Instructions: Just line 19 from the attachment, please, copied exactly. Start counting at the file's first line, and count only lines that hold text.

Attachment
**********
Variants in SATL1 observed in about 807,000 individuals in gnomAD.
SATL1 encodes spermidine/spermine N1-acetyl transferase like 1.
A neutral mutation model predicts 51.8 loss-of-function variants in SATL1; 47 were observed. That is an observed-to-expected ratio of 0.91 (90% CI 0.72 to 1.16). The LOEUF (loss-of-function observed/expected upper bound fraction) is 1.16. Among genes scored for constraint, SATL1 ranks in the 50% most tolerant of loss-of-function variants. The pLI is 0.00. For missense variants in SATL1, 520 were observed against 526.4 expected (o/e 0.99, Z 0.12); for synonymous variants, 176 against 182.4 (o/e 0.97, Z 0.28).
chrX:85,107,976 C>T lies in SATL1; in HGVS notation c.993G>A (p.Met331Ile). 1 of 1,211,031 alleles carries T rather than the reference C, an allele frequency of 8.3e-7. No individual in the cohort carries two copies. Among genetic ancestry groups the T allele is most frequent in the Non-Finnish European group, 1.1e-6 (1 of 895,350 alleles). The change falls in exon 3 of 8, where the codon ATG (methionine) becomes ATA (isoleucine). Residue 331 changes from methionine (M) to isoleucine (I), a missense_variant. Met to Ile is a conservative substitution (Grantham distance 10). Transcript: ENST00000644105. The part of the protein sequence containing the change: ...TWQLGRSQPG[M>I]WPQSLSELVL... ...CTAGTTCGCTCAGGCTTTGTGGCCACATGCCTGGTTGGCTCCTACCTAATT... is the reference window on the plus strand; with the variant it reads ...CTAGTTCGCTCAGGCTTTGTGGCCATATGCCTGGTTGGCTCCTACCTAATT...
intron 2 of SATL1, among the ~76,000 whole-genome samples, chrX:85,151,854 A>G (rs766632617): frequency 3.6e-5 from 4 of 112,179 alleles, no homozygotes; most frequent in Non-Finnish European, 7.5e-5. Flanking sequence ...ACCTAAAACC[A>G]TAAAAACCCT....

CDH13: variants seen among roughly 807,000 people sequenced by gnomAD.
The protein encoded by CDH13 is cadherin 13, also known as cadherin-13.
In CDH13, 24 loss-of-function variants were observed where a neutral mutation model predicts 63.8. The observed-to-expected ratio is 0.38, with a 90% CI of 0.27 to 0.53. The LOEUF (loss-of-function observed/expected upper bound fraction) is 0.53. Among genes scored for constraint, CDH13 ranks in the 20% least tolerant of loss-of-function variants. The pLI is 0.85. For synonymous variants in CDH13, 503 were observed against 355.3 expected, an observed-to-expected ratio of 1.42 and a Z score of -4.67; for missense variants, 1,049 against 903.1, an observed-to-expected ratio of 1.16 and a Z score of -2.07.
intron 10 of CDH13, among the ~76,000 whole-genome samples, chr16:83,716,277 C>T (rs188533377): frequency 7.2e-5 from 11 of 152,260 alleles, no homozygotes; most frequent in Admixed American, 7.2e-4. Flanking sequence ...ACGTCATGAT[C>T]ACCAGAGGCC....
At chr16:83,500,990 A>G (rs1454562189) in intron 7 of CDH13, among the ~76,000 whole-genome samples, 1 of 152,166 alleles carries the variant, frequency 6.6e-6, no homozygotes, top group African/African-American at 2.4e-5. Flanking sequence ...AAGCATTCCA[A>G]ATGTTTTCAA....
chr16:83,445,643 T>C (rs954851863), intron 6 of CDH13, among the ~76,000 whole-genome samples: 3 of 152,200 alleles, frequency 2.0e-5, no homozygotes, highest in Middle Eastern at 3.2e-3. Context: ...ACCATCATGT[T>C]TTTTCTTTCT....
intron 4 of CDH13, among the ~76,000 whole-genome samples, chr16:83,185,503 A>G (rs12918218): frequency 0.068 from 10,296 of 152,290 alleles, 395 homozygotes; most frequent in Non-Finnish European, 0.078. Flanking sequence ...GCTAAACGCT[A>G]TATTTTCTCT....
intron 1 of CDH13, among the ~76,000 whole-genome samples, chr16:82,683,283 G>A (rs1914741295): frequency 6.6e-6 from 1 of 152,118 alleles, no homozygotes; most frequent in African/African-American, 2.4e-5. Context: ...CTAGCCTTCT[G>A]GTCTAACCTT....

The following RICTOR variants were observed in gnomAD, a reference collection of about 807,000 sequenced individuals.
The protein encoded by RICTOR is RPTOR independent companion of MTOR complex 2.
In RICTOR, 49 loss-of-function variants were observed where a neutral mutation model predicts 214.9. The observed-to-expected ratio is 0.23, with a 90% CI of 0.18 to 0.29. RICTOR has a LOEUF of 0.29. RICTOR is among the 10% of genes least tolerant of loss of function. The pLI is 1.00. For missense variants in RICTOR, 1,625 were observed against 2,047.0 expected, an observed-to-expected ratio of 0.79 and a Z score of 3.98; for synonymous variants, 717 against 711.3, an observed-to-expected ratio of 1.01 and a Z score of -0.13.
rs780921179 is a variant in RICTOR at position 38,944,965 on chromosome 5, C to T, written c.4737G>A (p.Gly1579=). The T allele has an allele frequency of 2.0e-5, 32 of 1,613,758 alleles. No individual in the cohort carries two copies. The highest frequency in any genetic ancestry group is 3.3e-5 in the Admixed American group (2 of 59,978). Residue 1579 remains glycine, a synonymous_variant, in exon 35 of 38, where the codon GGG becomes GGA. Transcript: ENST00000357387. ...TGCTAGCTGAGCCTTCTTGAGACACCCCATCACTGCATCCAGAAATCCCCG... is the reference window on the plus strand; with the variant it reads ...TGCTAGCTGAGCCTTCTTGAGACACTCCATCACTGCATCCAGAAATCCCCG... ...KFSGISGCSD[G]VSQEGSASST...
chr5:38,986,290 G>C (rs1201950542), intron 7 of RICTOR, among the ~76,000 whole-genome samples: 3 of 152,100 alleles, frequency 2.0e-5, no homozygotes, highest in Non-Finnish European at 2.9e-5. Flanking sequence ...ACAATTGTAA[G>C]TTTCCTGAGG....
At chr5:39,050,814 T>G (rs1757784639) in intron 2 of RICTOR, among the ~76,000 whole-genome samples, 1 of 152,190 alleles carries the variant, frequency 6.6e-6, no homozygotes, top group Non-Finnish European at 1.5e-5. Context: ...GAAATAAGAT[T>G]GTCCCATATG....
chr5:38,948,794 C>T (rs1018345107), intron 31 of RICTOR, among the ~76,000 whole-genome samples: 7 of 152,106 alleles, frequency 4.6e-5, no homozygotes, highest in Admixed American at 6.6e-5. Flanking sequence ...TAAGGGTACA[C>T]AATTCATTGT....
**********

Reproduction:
At chr5:39,050,814 T>G (rs1757784639) in intron 2 of RICTOR, among the ~76,000 whole-genome samples, 1 of 152,190 alleles carries the variant, frequency 6.6e-6, no homozygotes, top group Non-Finnish European at 1.5e-5. Context: ...GAAATAAGAT[T>G]GTCCCATATG....